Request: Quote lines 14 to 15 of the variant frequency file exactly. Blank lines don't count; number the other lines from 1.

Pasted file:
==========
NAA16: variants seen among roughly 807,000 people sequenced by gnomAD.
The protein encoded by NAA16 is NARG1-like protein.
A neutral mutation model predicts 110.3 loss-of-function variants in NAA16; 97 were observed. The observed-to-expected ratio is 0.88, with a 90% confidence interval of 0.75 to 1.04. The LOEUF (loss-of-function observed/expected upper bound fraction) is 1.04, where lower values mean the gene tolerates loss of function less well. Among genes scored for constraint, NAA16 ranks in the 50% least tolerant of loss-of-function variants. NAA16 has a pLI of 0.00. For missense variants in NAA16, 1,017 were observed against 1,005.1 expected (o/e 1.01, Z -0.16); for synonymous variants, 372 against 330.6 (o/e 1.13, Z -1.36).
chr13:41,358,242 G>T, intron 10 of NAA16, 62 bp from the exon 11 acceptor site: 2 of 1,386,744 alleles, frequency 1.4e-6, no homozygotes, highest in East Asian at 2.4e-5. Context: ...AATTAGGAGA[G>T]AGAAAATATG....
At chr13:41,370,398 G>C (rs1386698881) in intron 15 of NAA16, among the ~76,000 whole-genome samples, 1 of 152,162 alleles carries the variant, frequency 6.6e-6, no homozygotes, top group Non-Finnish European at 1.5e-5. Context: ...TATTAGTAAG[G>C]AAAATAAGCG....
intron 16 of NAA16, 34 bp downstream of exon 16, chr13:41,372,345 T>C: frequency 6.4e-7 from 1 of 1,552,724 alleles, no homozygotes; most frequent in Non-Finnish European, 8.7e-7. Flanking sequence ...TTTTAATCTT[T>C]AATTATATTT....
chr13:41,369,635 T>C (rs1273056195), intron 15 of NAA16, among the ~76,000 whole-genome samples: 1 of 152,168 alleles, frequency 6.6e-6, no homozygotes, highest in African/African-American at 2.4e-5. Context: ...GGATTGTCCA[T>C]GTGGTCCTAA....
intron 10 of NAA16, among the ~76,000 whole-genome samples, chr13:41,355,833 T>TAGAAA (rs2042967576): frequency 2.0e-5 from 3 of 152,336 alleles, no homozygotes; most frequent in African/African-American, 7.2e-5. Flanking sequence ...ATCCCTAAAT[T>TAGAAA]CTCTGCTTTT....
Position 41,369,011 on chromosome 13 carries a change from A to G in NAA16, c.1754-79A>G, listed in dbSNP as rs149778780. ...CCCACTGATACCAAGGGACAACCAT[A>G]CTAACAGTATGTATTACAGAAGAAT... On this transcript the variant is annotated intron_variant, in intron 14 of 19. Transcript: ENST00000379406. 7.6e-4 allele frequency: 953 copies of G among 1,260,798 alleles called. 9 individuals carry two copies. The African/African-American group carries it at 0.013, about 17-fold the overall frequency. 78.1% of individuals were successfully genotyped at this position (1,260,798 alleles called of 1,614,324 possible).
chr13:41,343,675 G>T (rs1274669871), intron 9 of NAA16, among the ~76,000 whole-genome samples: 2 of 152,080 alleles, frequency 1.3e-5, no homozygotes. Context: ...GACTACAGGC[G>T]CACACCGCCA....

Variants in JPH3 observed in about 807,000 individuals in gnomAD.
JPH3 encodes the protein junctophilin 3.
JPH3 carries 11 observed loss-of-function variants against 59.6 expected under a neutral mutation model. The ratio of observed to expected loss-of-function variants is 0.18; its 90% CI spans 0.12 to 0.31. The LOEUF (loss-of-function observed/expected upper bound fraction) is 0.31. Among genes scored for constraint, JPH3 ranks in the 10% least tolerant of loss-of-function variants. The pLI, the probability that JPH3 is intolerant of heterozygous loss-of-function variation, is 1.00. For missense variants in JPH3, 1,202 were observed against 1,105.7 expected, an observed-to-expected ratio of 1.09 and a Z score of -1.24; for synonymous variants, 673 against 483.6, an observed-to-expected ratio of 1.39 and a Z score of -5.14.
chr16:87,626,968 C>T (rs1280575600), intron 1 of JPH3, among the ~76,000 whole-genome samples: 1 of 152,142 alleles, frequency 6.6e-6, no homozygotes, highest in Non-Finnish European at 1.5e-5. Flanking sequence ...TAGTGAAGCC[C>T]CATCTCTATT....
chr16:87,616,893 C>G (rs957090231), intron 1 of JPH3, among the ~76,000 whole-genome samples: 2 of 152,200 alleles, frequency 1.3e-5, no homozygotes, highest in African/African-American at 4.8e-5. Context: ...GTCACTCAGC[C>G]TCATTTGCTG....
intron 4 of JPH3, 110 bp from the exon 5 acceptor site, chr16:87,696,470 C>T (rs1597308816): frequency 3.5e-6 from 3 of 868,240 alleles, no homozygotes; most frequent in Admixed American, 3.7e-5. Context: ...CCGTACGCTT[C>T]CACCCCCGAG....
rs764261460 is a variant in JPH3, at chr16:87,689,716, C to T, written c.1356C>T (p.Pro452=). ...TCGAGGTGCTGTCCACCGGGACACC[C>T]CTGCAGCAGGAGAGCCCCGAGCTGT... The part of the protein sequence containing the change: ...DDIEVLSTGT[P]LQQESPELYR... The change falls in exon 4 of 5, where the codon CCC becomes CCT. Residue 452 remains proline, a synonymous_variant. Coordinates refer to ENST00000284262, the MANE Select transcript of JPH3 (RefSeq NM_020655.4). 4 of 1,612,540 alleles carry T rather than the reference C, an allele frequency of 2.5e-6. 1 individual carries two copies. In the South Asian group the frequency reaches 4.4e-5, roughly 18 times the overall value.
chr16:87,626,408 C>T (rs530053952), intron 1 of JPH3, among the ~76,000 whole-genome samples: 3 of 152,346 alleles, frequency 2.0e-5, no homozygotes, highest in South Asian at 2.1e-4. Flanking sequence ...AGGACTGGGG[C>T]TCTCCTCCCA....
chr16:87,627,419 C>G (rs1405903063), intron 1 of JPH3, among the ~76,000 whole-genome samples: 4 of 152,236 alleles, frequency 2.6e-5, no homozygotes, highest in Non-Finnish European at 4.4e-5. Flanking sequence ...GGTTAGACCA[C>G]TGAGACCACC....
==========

chr16:87,626,968 C>T (rs1280575600), intron 1 of JPH3, among the ~76,000 whole-genome samples: 1 of 152,142 alleles, frequency 6.6e-6, no homozygotes, highest in Non-Finnish European at 1.5e-5. Flanking sequence ...TAGTGAAGCC[C>T]CATCTCTATT....
chr16:87,616,893 C>G (rs957090231), intron 1 of JPH3, among the ~76,000 whole-genome samples: 2 of 152,200 alleles, frequency 1.3e-5, no homozygotes, highest in African/African-American at 4.8e-5. Context: ...GTCACTCAGC[C>G]TCATTTGCTG....